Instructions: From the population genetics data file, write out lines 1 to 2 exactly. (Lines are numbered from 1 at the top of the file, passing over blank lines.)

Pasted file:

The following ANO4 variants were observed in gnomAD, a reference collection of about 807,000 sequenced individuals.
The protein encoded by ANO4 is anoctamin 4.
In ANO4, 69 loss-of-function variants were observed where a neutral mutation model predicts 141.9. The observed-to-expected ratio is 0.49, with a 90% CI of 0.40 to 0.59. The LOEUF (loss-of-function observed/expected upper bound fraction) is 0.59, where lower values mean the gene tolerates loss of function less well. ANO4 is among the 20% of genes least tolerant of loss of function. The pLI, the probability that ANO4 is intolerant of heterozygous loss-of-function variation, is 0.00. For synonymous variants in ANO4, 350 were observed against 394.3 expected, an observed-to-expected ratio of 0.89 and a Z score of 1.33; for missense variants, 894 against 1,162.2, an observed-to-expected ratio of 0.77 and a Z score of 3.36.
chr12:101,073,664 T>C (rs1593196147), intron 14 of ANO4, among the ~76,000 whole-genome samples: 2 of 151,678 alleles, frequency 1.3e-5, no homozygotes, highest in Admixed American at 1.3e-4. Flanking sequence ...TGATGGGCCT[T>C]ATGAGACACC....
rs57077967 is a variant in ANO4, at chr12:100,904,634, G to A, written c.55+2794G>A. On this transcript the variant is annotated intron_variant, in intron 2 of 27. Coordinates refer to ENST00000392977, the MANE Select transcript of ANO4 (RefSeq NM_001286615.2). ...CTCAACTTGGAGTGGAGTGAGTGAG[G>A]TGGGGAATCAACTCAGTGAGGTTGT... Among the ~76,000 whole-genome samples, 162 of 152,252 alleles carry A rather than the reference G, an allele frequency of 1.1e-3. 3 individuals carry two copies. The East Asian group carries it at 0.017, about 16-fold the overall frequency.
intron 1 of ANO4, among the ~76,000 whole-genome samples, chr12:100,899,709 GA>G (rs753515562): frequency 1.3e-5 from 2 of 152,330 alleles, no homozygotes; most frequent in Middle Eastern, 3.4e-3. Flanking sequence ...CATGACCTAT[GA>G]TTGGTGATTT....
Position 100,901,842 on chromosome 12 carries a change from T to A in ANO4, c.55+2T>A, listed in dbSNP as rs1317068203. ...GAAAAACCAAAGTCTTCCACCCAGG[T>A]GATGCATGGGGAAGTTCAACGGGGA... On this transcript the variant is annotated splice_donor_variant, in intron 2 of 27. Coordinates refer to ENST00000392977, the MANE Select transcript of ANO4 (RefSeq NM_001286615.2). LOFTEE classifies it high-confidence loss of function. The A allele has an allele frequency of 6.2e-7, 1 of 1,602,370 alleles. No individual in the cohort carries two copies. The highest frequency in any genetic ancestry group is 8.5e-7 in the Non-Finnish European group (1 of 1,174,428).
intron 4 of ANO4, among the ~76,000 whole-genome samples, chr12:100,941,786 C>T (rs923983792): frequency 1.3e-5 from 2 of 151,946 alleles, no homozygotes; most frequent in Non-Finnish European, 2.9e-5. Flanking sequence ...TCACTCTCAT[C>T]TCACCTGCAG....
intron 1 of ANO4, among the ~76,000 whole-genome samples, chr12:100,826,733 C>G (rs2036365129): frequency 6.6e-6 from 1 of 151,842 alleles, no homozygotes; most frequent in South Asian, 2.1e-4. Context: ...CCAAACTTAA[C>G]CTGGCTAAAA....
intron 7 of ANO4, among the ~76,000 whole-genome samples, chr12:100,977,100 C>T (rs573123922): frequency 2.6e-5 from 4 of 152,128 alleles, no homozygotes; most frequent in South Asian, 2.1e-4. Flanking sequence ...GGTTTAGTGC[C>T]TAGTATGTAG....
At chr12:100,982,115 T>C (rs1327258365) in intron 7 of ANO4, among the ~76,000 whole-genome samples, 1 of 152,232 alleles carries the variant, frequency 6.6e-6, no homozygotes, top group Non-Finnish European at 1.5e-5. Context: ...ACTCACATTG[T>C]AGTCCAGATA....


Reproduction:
The following ANO4 variants were observed in gnomAD, a reference collection of about 807,000 sequenced individuals.
The protein encoded by ANO4 is anoctamin 4.